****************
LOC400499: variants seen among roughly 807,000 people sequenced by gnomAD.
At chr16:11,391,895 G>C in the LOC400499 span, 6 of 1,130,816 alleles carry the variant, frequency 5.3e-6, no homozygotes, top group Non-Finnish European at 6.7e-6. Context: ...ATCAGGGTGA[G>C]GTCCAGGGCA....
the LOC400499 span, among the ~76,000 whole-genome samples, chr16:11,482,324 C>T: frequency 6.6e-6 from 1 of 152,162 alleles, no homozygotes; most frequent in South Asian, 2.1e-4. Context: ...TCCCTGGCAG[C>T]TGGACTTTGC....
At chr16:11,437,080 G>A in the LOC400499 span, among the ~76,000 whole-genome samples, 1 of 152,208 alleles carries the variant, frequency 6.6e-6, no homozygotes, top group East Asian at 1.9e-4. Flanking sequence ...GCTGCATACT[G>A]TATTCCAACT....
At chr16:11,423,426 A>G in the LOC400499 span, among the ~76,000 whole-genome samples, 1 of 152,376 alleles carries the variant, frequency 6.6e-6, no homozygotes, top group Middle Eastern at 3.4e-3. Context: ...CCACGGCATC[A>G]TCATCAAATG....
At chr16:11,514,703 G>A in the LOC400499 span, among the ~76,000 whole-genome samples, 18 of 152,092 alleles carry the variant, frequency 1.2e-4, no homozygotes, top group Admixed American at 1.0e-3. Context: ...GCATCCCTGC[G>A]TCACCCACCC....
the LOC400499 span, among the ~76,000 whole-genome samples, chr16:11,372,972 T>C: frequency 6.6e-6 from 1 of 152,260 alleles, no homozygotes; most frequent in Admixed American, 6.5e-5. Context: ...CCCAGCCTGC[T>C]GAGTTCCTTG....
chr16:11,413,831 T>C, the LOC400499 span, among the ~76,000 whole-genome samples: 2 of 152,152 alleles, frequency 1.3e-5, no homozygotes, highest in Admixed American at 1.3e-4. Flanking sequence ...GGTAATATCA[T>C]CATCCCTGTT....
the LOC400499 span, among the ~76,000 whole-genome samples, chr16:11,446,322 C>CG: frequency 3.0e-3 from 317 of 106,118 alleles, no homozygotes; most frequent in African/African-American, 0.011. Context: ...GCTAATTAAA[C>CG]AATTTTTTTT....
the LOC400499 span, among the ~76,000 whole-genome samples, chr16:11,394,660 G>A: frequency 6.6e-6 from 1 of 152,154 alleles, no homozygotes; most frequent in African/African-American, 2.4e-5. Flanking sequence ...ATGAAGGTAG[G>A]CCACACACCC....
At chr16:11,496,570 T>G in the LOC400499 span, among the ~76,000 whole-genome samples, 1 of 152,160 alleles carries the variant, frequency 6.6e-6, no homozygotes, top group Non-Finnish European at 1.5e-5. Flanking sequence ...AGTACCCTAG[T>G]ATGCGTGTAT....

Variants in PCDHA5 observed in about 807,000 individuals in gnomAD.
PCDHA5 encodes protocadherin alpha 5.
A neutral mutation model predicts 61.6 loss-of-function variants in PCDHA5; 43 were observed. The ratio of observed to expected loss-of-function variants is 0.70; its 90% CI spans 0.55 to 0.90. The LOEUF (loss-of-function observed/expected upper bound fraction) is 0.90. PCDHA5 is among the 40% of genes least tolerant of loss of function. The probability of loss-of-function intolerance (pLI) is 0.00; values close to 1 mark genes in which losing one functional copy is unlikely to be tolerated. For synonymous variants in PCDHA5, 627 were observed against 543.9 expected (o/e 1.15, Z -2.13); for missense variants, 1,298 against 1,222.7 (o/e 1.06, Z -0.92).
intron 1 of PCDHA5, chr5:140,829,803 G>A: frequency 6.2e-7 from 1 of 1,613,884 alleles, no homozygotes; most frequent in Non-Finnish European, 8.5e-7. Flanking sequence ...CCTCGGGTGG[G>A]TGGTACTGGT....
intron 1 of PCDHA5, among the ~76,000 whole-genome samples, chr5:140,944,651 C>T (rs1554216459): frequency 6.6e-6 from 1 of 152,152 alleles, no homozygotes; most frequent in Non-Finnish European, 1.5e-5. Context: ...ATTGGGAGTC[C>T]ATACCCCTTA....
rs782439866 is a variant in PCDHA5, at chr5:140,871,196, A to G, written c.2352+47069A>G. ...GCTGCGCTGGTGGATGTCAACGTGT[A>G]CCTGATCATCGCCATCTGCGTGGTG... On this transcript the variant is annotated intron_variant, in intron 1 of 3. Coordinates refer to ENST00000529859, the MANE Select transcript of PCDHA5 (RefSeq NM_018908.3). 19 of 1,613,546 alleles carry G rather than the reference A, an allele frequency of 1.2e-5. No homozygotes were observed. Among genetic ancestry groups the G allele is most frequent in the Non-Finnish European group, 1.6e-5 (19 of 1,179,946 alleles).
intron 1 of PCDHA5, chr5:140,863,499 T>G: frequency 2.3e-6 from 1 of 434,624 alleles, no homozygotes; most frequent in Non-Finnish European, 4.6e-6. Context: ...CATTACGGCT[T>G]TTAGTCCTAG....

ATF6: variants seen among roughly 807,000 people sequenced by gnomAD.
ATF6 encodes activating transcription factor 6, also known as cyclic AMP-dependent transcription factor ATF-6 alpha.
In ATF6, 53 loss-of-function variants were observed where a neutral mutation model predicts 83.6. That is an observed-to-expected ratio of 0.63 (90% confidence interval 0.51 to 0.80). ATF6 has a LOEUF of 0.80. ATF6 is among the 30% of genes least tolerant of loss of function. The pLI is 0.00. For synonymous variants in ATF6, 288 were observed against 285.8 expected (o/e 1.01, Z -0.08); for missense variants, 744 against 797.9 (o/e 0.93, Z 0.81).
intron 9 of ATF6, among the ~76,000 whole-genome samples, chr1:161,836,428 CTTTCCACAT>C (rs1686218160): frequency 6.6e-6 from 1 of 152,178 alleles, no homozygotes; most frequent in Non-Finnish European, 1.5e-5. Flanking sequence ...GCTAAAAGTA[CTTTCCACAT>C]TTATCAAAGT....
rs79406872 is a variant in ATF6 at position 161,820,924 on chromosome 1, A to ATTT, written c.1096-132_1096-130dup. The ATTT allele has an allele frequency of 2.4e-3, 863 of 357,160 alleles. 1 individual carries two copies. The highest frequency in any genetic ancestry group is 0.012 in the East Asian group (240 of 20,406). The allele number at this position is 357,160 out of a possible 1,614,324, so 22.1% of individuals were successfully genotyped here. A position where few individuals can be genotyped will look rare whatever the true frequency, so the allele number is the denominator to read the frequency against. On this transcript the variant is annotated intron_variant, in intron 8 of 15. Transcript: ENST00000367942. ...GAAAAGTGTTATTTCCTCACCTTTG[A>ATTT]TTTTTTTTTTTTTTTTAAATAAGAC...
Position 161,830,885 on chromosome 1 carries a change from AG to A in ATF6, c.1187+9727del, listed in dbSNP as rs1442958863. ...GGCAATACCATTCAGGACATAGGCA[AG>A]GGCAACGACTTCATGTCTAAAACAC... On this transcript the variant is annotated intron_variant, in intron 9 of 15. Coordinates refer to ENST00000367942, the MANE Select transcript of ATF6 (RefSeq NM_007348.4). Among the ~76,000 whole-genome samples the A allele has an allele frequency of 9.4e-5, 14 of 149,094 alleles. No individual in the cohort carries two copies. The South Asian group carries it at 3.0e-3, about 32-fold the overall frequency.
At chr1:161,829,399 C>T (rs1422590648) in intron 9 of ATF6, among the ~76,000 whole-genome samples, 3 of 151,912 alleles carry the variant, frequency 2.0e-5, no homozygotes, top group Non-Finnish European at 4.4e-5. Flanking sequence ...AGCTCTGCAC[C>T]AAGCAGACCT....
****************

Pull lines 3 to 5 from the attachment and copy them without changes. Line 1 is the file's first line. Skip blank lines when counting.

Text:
the LOC400499 span, among the ~76,000 whole-genome samples, chr16:11,482,324 C>T: frequency 6.6e-6 from 1 of 152,162 alleles, no homozygotes; most frequent in South Asian, 2.1e-4. Context: ...TCCCTGGCAG[C>T]TGGACTTTGC....
At chr16:11,437,080 G>A in the LOC400499 span, among the ~76,000 whole-genome samples, 1 of 152,208 alleles carries the variant, frequency 6.6e-6, no homozygotes, top group East Asian at 1.9e-4. Flanking sequence ...GCTGCATACT[G>A]TATTCCAACT....
At chr16:11,423,426 A>G in the LOC400499 span, among the ~76,000 whole-genome samples, 1 of 152,376 alleles carries the variant, frequency 6.6e-6, no homozygotes, top group Middle Eastern at 3.4e-3. Context: ...CCACGGCATC[A>G]TCATCAAATG....